After initial start and observation, you proceed to the in-depth functioning research. To reconstruct software functioning step-by-step, you need to attach a debugger to it.
Attaching a debugger
Debugger is one of the basic reverser tools, as you can hardly conduct any kind of process of software reverse engineering without the possibility to pause a software piece execution to see what is happening. WinDBG and OllyDBG are popular Windows debuggers, and you can use llbd to debug Mac OS / iOS software.
Attaching debugger is not always a trivial task. While malware rarely cares about the protection from research, commercial software usually applies various anti-debugging and other anti-reversing techniques. There are quite a few of them, and each needs its own approach to overcome. The good news for reversers is that virtually any anti-debug protection can be neutralized; it’s only the question of time and efforts. On the other hand, sometimes it needs a lot of resources.
You can learn more it in this article about anti-debug protection techniques and ways to bypass them.
After you managed to attach a debugger, you can now see what this software piece changes in the surrounding world at each step. When researching, you may be interested in different aspects: what system API this software uses, how it works with the network, what system resources are used, etc. Various tools can help you with it:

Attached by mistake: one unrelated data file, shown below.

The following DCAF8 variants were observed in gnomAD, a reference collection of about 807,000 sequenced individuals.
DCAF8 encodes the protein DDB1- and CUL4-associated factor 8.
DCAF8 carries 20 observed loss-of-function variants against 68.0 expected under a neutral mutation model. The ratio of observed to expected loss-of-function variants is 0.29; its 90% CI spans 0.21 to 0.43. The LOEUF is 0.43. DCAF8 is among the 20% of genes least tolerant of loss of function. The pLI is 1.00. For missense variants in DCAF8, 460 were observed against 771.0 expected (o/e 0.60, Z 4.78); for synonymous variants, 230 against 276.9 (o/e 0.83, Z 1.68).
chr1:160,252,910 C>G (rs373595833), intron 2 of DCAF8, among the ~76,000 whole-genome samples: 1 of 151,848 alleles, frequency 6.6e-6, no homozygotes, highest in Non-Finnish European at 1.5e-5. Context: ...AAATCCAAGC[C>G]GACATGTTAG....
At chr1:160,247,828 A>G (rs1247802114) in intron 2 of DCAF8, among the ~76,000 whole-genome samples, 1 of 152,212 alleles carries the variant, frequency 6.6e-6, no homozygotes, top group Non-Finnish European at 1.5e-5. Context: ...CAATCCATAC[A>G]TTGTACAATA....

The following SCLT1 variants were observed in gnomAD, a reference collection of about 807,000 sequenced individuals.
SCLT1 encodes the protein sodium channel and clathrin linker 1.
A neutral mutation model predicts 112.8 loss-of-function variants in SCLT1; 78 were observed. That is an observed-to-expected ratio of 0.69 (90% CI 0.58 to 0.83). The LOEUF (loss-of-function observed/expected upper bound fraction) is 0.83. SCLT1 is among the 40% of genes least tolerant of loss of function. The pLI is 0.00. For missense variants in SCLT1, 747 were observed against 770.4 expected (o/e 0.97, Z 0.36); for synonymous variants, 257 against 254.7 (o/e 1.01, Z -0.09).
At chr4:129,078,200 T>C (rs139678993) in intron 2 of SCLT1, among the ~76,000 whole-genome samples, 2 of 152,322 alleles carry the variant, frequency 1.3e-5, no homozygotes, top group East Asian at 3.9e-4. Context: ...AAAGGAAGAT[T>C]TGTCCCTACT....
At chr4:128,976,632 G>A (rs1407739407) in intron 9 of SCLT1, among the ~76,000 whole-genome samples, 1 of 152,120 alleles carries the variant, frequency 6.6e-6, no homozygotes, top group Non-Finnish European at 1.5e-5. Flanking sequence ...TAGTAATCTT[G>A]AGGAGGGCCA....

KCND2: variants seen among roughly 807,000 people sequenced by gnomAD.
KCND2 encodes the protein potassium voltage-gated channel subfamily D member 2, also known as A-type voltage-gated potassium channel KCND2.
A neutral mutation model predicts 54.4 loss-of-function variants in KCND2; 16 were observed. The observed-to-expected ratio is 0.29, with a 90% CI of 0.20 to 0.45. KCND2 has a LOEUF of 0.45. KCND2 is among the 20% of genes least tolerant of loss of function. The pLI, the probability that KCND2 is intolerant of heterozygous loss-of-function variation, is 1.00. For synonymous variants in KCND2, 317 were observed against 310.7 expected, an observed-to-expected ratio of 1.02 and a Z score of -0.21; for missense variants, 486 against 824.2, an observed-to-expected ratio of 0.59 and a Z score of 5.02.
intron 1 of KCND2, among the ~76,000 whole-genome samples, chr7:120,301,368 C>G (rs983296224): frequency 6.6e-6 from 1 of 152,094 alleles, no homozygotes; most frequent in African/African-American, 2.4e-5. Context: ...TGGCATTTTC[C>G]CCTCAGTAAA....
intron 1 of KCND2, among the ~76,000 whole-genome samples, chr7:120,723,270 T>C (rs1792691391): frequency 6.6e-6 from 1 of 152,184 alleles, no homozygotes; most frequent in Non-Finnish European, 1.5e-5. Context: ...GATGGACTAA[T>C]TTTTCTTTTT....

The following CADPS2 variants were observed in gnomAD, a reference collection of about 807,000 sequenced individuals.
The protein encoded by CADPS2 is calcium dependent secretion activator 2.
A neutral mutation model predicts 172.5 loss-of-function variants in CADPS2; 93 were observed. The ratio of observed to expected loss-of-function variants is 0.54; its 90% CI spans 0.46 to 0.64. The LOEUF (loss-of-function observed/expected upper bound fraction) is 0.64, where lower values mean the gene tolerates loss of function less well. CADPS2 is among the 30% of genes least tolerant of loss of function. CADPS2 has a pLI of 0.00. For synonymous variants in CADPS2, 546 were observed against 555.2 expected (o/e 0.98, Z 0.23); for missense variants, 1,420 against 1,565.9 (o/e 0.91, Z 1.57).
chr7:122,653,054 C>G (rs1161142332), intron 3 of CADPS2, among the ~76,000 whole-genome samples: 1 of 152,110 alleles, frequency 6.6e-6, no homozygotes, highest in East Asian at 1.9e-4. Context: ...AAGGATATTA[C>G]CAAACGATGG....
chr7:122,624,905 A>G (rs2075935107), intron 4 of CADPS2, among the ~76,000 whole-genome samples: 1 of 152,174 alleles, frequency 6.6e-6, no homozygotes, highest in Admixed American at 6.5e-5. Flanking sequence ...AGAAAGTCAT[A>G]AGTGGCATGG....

There are much more tools you would need: unpackers, stack viewers, module-scheme-builders, etc. You can get more information about various applications to help you when researching software in this article.
Disassembling is one of the core software reverse engineering process steps and is frequently named “reversing” itself as it supposes the restoration of the source code (may be not “word-by-word” but down to the steps, functions, and ideas of method implementation). Disassembling needs you to know Assembly language and main principles of code translation / building as well as general principles of building software starting from OOP and up to the details of typical software architectures.
To work on this stage, you need a disassembler. As I mentioned above, the most powerful and popular disassembler nowadays is IDA by Hex Rays. OllyDBG and WinDBG include in-built disassemblers, which are not that feature-rich but can work for some tasks.
The process of disassembling is like a detective investigation and needs a lot of creativity, intuition, and patience.
Software reverse engineering is an interesting process requiring all your knowledge and software development talents. Though sometimes unjustly labeled as an exclusively illegal practice, it helps to fight malware and improve software systems. But enjoying a hacking charm of it, remember to use your talents for good.
Written by: Dennis Turpitka
Author Bio: Dennis Turpitka, CEO of the Apriorit, is an expert within Digital Security solution business design and development, Virtualization and Cloud Computing R&D projects, establishment and management of Software Research direction. Successful entrepreneur, who organized several security start-ups.
Edited by Pierluigi Paganini
(Security Affairs –Software Reverse Engineering, hacking)